Comet Section        


September 6, 2021 – ALPO Comet News for September 2021


While we are still waiting for the next “Big One” or even the next “Bright Enough to be Seen in my Binoculars” comet, September sees quite a few comets bubbling around magnitude 10 to 11. 8P/Tuttle may get as bright as magnitude 8.5 though it is solely a southern hemisphere object. As many as 5 comets, 4P/Faye, 6P/d’Arrest, 67P/Churyumov-Gerasimenko, C/2019 L3 (PANSTARRS), and C/2020 T2 (PANSTARRS), could brighten into the magnitude 10 to 11 range.

C/2021 A1 (Leonard) still has the potential to be an interesting object this December. Recent observations suggest it may be brightening at a fast rate, so imagers and large aperture visual observers are encouraged to observe it this month as it may brighten to 12-13th magnitude by the end of the month.

Comets Section News

During August, the ALPO Comets Section received 48 images and/or sketches from Dan Bartlett, Michel Deconinck, Christian Harder, Gianluca Masi, Martin Mobberley, Mike Olason, and Uwe Pilz and 91 visual and CCD magnitude measurements from Michel Deconinck, J. J. Gonzalez, Mike Olason, and Chris Wyatt of the following comets: C/2021 O1 (Nishimura), P/2021 N2 (Fuls), P/2021 N1 (ZTF), P/2021 L2 (Leonard), C/2020 T2 (Palomar), C/2020 S3 (Erasmus), C/2020 PV6 (PANSTARRS), C/2020 K6 (Rankin), C/2020 K1 (PANSTARRS), C/2020 J1 (SONEAR), C/2020 F5 (MASTER), C/2019 U5 (PANSTARRS), C/2019 L3 (ATLAS), C/2019 K7 (Smith), C/2019 F1 (ATLAS-Africano), C/2018 U1 (Lemmon), C/2017 U7 (PANSTARRS), C/2017 K2 (PANSTARRS), 424P/La Sagra, 402P/LINEAR, 395P/Catalina-NEAT, 378P/McNaught, 284P/McNaught, 252P/LINEAR, 246P/NEAT, 241P/LINEAR, 193P/LINEAR-NEAT, 132P/Helin-Roman-Alu, 119P/Parker-Hartley, 110P/Hartley, 108P/Ciffreo, 67P/Churyumov-Gerasimenko, 29P/Schwassmann-Wachmann, 19P/Borrelly, 17P/Holmes, 15P/Finlay, 10P/Tempel, 7P/Pons-Winnecke, 6P/d’Arrest, and 4P/Faye.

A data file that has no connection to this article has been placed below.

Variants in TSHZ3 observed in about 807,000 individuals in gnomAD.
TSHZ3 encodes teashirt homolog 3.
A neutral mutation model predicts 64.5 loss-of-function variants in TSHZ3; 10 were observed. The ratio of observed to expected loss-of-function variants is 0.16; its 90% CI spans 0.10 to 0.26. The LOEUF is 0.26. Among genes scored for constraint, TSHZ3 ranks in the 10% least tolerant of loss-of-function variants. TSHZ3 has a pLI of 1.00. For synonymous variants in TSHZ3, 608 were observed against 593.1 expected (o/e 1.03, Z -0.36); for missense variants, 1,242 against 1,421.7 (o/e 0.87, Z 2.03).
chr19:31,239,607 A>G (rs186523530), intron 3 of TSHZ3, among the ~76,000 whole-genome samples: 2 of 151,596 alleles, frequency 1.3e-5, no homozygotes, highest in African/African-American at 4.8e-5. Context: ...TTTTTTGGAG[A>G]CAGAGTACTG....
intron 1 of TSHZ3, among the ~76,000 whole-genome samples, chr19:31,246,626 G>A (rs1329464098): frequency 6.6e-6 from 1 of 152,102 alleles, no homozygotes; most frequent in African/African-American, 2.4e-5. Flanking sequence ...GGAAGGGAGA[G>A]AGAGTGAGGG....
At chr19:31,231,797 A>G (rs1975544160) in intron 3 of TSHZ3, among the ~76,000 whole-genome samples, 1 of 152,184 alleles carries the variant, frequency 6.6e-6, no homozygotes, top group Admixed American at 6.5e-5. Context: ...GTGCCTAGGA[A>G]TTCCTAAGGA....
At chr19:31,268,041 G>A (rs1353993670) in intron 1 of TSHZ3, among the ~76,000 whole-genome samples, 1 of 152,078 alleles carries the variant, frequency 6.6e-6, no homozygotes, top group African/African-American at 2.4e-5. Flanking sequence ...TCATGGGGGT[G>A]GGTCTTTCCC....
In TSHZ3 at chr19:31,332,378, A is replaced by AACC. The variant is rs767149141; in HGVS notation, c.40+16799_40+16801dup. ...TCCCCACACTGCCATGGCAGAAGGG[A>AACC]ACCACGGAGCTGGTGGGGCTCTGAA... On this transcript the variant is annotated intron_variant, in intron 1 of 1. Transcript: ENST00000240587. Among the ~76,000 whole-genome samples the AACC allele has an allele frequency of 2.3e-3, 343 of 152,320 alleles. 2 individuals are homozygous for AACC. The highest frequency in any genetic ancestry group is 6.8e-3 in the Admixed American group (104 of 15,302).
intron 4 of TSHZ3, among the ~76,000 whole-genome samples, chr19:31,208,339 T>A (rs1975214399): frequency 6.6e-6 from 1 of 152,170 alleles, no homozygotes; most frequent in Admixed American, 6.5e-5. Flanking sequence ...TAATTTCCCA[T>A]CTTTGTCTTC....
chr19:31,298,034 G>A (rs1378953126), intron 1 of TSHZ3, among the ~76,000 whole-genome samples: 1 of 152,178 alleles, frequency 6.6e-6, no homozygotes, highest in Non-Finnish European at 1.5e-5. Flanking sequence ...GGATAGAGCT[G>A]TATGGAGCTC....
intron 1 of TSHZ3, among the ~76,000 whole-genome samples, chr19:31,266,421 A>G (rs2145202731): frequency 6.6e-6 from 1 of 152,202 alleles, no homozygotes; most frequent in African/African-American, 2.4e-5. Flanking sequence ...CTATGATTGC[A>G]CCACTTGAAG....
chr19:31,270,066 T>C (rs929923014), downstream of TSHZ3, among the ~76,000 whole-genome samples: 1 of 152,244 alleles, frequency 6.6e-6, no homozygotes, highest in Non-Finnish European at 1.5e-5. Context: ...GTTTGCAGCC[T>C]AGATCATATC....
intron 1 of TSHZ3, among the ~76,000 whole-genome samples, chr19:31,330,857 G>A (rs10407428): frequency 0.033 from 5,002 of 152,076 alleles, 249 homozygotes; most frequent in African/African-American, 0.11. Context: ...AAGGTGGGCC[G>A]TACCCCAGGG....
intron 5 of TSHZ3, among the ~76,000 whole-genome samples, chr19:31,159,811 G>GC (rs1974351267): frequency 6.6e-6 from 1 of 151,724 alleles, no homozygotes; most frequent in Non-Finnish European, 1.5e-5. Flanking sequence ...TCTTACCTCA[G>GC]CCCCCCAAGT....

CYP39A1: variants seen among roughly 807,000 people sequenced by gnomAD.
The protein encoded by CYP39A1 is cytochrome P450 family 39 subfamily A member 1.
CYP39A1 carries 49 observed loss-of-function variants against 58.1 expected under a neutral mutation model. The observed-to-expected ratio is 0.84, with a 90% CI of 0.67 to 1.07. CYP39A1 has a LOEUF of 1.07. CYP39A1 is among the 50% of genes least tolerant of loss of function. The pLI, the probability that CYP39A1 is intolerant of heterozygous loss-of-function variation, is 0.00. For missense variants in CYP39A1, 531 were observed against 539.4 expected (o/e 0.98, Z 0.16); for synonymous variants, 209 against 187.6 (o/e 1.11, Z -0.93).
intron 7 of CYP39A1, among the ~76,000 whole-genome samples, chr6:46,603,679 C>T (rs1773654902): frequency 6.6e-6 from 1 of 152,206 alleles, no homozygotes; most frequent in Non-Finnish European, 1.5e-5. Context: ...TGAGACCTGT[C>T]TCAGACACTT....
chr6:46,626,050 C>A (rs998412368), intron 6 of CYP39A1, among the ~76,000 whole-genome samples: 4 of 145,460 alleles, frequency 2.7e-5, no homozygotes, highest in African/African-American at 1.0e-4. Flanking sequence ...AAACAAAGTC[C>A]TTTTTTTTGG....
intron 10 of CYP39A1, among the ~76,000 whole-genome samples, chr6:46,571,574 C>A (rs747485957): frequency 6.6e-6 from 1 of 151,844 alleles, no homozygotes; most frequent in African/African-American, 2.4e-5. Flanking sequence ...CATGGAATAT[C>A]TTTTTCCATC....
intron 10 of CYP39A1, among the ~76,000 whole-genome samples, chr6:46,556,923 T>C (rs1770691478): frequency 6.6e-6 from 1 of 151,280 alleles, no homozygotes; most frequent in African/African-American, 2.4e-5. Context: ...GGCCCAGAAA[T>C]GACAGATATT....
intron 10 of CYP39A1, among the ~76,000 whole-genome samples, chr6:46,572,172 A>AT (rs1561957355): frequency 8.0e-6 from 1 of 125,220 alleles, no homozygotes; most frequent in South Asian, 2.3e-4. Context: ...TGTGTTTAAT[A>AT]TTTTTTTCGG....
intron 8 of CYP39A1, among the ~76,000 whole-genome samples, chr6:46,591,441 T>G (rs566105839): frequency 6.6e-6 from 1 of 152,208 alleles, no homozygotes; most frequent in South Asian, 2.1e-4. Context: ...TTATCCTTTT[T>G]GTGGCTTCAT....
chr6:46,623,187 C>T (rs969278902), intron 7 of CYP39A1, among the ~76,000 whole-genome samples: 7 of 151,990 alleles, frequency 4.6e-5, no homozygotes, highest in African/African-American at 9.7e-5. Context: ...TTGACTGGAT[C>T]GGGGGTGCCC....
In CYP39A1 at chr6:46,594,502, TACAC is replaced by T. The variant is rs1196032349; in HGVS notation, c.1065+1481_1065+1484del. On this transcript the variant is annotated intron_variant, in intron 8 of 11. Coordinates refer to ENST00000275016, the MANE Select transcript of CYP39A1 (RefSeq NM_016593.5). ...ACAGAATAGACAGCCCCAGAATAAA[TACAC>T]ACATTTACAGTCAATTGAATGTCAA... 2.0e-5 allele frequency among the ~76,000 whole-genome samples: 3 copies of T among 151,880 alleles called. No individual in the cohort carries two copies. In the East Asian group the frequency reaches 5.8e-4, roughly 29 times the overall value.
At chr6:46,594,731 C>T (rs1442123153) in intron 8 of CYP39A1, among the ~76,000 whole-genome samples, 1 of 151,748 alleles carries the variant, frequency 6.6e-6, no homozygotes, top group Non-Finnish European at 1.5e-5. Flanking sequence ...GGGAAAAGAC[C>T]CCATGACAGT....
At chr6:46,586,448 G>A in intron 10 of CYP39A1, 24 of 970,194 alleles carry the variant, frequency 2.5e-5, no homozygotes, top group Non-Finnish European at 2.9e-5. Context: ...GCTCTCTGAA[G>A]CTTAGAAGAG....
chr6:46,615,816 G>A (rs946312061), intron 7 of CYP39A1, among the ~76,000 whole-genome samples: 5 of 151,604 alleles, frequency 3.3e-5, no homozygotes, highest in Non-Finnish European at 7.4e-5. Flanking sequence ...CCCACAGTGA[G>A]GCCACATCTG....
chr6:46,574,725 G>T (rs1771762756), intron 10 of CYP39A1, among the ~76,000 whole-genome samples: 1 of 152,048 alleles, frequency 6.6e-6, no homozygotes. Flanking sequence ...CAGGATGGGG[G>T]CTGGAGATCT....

We’d like to especially thank Dan Bartlett who has graciously agreed to contribute his observations to the ALPO Comets Section.

In addition to observations submitted directly to the ALPO, we occasionally use data from other sources to augment our analysis. We would like to acknowledge with thanks observations submitted directly to the ALPO as well as those originally submitted to the International Comet Quarterly, Minor Planet Center, and COBS Comet Observation Database. We would also like to thank the Jet Propulsion Laboratory for making available their Small-Body Browser and Orbit Visualizer and Seiichi Yoshida for his Comets for Windows programs that is used to produce the lightcurves in these pages. And last but not least, we’d like to thank Syuichi Nakano and the Minor Planet Center for their comet orbital elements, , the asteroid surveys for their discoveries, and all of the observers who volunteer their time to adding to our knowledge of these amazing objects.

The monthly ALPO Comet News PDF can be found here. A shorter version of this report is posted on a dedicated Cloudy Nights forum. All are encouraged to join the discussion over at Cloudy Nights.

- Carl Hergenrother

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